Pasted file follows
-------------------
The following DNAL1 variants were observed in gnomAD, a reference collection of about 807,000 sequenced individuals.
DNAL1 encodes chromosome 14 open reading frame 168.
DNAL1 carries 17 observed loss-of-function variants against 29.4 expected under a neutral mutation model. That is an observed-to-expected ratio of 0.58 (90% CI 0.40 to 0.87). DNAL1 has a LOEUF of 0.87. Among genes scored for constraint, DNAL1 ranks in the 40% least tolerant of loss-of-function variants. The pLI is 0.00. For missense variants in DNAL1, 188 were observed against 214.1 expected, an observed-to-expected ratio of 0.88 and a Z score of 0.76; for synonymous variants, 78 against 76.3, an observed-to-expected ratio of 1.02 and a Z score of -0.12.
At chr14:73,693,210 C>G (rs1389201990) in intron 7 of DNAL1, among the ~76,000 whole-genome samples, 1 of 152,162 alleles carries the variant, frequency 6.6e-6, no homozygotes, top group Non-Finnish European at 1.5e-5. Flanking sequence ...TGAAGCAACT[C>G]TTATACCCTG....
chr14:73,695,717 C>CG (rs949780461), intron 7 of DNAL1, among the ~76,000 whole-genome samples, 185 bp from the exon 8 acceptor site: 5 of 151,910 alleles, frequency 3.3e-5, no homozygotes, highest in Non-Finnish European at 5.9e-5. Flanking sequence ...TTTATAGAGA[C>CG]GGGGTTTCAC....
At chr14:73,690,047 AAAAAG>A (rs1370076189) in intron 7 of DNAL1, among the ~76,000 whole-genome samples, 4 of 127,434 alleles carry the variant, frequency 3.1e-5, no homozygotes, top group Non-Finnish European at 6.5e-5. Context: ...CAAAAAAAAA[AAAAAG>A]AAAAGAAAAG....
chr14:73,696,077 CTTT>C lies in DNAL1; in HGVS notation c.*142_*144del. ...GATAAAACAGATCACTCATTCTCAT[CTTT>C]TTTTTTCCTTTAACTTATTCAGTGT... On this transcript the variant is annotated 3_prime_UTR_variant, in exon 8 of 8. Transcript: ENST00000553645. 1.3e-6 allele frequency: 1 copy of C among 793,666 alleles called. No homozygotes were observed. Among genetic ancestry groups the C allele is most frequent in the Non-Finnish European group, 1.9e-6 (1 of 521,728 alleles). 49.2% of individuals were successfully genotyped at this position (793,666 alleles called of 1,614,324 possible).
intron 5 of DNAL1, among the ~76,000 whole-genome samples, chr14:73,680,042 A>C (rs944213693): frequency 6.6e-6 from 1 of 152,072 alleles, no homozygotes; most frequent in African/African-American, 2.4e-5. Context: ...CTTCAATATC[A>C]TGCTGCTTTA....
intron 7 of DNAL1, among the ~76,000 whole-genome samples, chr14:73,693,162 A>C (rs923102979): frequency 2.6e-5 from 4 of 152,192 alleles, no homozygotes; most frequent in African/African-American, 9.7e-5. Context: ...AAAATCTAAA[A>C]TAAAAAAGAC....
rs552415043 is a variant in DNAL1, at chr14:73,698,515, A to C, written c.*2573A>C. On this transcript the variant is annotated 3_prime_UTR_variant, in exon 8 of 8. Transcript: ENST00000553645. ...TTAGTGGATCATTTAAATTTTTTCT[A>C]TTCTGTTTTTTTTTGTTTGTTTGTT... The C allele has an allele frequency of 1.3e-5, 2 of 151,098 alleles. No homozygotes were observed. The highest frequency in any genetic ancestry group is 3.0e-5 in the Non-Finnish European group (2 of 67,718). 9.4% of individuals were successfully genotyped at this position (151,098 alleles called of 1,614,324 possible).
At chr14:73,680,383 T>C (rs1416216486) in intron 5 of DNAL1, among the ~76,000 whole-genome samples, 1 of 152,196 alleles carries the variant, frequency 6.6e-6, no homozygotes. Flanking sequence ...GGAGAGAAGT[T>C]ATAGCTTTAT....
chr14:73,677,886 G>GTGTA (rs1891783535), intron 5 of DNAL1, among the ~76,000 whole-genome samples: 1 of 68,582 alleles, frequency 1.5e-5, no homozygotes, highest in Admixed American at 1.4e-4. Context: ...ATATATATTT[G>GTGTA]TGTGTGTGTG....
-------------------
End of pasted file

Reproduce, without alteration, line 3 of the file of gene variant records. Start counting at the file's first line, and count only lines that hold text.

DNAL1 carries 17 observed loss-of-function variants against 29.4 expected under a neutral mutation model. That is an observed-to-expected ratio of 0.58 (90% CI 0.40 to 0.87). DNAL1 has a LOEUF of 0.87. Among genes scored for constraint, DNAL1 ranks in the 40% least tolerant of loss-of-function variants. The pLI is 0.00. For missense variants in DNAL1, 188 were observed against 214.1 expected, an observed-to-expected ratio of 0.88 and a Z score of 0.76; for synonymous variants, 78 against 76.3, an observed-to-expected ratio of 1.02 and a Z score of -0.12.